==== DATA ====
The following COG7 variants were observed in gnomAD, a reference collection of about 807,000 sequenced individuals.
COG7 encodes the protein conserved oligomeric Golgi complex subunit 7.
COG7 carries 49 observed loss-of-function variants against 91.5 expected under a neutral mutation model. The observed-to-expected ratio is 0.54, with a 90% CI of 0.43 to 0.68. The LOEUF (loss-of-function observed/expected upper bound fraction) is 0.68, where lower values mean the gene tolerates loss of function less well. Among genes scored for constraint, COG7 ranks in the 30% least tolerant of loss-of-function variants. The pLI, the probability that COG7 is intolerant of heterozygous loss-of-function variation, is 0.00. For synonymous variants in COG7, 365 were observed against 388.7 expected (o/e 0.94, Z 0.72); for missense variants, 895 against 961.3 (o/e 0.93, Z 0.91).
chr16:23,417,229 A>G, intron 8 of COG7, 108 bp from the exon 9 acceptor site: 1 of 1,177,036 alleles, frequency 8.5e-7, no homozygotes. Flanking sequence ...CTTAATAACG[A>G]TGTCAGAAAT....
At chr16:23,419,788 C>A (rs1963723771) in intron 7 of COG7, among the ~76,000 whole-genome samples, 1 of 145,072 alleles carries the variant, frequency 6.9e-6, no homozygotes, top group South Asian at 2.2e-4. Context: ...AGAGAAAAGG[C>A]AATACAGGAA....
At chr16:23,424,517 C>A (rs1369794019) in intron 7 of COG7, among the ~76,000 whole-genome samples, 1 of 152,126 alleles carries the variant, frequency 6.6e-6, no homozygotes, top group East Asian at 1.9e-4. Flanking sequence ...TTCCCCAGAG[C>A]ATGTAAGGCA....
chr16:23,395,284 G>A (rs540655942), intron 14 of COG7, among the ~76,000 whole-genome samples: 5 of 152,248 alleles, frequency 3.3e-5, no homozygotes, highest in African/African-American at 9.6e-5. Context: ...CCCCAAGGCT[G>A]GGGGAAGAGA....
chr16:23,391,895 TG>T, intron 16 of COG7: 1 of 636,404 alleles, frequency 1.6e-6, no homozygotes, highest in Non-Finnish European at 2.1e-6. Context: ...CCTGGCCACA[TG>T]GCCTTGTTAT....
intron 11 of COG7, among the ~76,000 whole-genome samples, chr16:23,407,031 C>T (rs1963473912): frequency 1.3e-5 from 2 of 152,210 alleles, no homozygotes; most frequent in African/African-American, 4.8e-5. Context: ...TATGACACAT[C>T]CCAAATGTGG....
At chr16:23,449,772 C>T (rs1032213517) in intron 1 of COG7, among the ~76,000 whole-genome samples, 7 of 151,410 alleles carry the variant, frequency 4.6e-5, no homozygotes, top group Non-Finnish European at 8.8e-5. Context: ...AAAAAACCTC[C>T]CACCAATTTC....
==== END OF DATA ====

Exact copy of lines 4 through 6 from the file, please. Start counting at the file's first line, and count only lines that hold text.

chr16:23,417,229 A>G, intron 8 of COG7, 108 bp from the exon 9 acceptor site: 1 of 1,177,036 alleles, frequency 8.5e-7, no homozygotes. Flanking sequence ...CTTAATAACG[A>G]TGTCAGAAAT....
At chr16:23,419,788 C>A (rs1963723771) in intron 7 of COG7, among the ~76,000 whole-genome samples, 1 of 145,072 alleles carries the variant, frequency 6.9e-6, no homozygotes, top group South Asian at 2.2e-4. Context: ...AGAGAAAAGG[C>A]AATACAGGAA....
At chr16:23,424,517 C>A (rs1369794019) in intron 7 of COG7, among the ~76,000 whole-genome samples, 1 of 152,126 alleles carries the variant, frequency 6.6e-6, no homozygotes, top group East Asian at 1.9e-4. Flanking sequence ...TTCCCCAGAG[C>A]ATGTAAGGCA....